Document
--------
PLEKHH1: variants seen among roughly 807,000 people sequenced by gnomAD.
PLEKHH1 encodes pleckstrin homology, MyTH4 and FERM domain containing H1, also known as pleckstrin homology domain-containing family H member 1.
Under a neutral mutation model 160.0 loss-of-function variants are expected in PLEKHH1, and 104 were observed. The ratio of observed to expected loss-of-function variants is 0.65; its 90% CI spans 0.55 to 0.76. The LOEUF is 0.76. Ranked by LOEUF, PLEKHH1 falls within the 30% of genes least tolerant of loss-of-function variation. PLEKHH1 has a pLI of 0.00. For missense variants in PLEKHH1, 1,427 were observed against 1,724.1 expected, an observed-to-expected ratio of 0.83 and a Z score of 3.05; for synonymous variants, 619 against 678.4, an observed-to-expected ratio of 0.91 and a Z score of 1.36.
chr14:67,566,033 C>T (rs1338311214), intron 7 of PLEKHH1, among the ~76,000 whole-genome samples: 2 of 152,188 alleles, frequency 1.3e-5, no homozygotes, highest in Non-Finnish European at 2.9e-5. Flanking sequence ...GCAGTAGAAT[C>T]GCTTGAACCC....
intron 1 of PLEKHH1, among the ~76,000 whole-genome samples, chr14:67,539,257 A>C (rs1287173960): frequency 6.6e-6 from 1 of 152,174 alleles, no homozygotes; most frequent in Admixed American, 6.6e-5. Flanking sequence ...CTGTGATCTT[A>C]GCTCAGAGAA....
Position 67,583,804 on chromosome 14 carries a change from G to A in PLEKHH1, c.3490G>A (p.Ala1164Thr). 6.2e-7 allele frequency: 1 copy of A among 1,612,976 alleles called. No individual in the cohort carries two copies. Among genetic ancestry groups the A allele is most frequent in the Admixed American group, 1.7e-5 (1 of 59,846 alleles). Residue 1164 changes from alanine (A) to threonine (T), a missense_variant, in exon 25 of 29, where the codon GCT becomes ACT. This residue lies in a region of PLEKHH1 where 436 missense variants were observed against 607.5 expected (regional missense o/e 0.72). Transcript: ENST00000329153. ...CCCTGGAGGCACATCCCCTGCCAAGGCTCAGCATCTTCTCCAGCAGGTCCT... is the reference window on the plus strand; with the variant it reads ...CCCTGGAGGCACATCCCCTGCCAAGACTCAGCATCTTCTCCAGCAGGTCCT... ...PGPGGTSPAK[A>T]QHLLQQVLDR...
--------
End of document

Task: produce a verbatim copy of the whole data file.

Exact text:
PLEKHH1: variants seen among roughly 807,000 people sequenced by gnomAD.
PLEKHH1 encodes pleckstrin homology, MyTH4 and FERM domain containing H1, also known as pleckstrin homology domain-containing family H member 1.
Under a neutral mutation model 160.0 loss-of-function variants are expected in PLEKHH1, and 104 were observed. The ratio of observed to expected loss-of-function variants is 0.65; its 90% CI spans 0.55 to 0.76. The LOEUF is 0.76. Ranked by LOEUF, PLEKHH1 falls within the 30% of genes least tolerant of loss-of-function variation. PLEKHH1 has a pLI of 0.00. For missense variants in PLEKHH1, 1,427 were observed against 1,724.1 expected, an observed-to-expected ratio of 0.83 and a Z score of 3.05; for synonymous variants, 619 against 678.4, an observed-to-expected ratio of 0.91 and a Z score of 1.36.
chr14:67,566,033 C>T (rs1338311214), intron 7 of PLEKHH1, among the ~76,000 whole-genome samples: 2 of 152,188 alleles, frequency 1.3e-5, no homozygotes, highest in Non-Finnish European at 2.9e-5. Flanking sequence ...GCAGTAGAAT[C>T]GCTTGAACCC....
intron 1 of PLEKHH1, among the ~76,000 whole-genome samples, chr14:67,539,257 A>C (rs1287173960): frequency 6.6e-6 from 1 of 152,174 alleles, no homozygotes; most frequent in Admixed American, 6.6e-5. Flanking sequence ...CTGTGATCTT[A>C]GCTCAGAGAA....
Position 67,583,804 on chromosome 14 carries a change from G to A in PLEKHH1, c.3490G>A (p.Ala1164Thr). 6.2e-7 allele frequency: 1 copy of A among 1,612,976 alleles called. No individual in the cohort carries two copies. Among genetic ancestry groups the A allele is most frequent in the Admixed American group, 1.7e-5 (1 of 59,846 alleles). Residue 1164 changes from alanine (A) to threonine (T), a missense_variant, in exon 25 of 29, where the codon GCT becomes ACT. This residue lies in a region of PLEKHH1 where 436 missense variants were observed against 607.5 expected (regional missense o/e 0.72). Transcript: ENST00000329153. ...CCCTGGAGGCACATCCCCTGCCAAGGCTCAGCATCTTCTCCAGCAGGTCCT... is the reference window on the plus strand; with the variant it reads ...CCCTGGAGGCACATCCCCTGCCAAGACTCAGCATCTTCTCCAGCAGGTCCT... ...PGPGGTSPAK[A>T]QHLLQQVLDR...